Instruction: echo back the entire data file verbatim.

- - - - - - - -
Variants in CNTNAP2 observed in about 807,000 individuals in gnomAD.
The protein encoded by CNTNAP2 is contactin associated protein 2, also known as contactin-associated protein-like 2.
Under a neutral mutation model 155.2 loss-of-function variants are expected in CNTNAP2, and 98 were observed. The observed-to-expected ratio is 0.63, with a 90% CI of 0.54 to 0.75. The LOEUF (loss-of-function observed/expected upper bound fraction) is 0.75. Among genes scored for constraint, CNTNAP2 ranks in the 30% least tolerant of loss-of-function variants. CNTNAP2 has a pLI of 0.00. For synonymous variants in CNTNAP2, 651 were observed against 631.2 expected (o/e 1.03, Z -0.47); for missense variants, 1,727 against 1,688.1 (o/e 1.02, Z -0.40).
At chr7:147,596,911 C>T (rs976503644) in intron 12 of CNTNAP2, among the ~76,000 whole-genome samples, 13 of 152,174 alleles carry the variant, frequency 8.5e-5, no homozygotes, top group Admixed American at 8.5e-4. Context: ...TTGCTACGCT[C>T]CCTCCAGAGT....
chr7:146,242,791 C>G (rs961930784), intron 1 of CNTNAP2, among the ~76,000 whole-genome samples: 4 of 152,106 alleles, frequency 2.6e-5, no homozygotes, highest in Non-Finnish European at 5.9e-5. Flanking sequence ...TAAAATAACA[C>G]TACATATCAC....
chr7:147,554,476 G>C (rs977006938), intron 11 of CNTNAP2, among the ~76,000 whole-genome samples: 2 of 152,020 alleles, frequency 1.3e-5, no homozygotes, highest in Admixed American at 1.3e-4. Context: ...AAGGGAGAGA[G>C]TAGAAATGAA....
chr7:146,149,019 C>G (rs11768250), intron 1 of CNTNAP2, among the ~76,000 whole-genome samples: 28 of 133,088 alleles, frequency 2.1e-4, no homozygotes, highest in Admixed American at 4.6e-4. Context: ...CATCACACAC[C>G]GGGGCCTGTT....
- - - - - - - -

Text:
Variants in CNTNAP2 observed in about 807,000 individuals in gnomAD.
The protein encoded by CNTNAP2 is contactin associated protein 2, also known as contactin-associated protein-like 2.
Under a neutral mutation model 155.2 loss-of-function variants are expected in CNTNAP2, and 98 were observed. The observed-to-expected ratio is 0.63, with a 90% CI of 0.54 to 0.75. The LOEUF (loss-of-function observed/expected upper bound fraction) is 0.75. Among genes scored for constraint, CNTNAP2 ranks in the 30% least tolerant of loss-of-function variants. CNTNAP2 has a pLI of 0.00. For synonymous variants in CNTNAP2, 651 were observed against 631.2 expected (o/e 1.03, Z -0.47); for missense variants, 1,727 against 1,688.1 (o/e 1.02, Z -0.40).
At chr7:147,596,911 C>T (rs976503644) in intron 12 of CNTNAP2, among the ~76,000 whole-genome samples, 13 of 152,174 alleles carry the variant, frequency 8.5e-5, no homozygotes, top group Admixed American at 8.5e-4. Context: ...TTGCTACGCT[C>T]CCTCCAGAGT....
chr7:146,242,791 C>G (rs961930784), intron 1 of CNTNAP2, among the ~76,000 whole-genome samples: 4 of 152,106 alleles, frequency 2.6e-5, no homozygotes, highest in Non-Finnish European at 5.9e-5. Flanking sequence ...TAAAATAACA[C>G]TACATATCAC....
chr7:147,554,476 G>C (rs977006938), intron 11 of CNTNAP2, among the ~76,000 whole-genome samples: 2 of 152,020 alleles, frequency 1.3e-5, no homozygotes, highest in Admixed American at 1.3e-4. Context: ...AAGGGAGAGA[G>C]TAGAAATGAA....
chr7:146,149,019 C>G (rs11768250), intron 1 of CNTNAP2, among the ~76,000 whole-genome samples: 28 of 133,088 alleles, frequency 2.1e-4, no homozygotes, highest in Admixed American at 4.6e-4. Context: ...CATCACACAC[C>G]GGGGCCTGTT....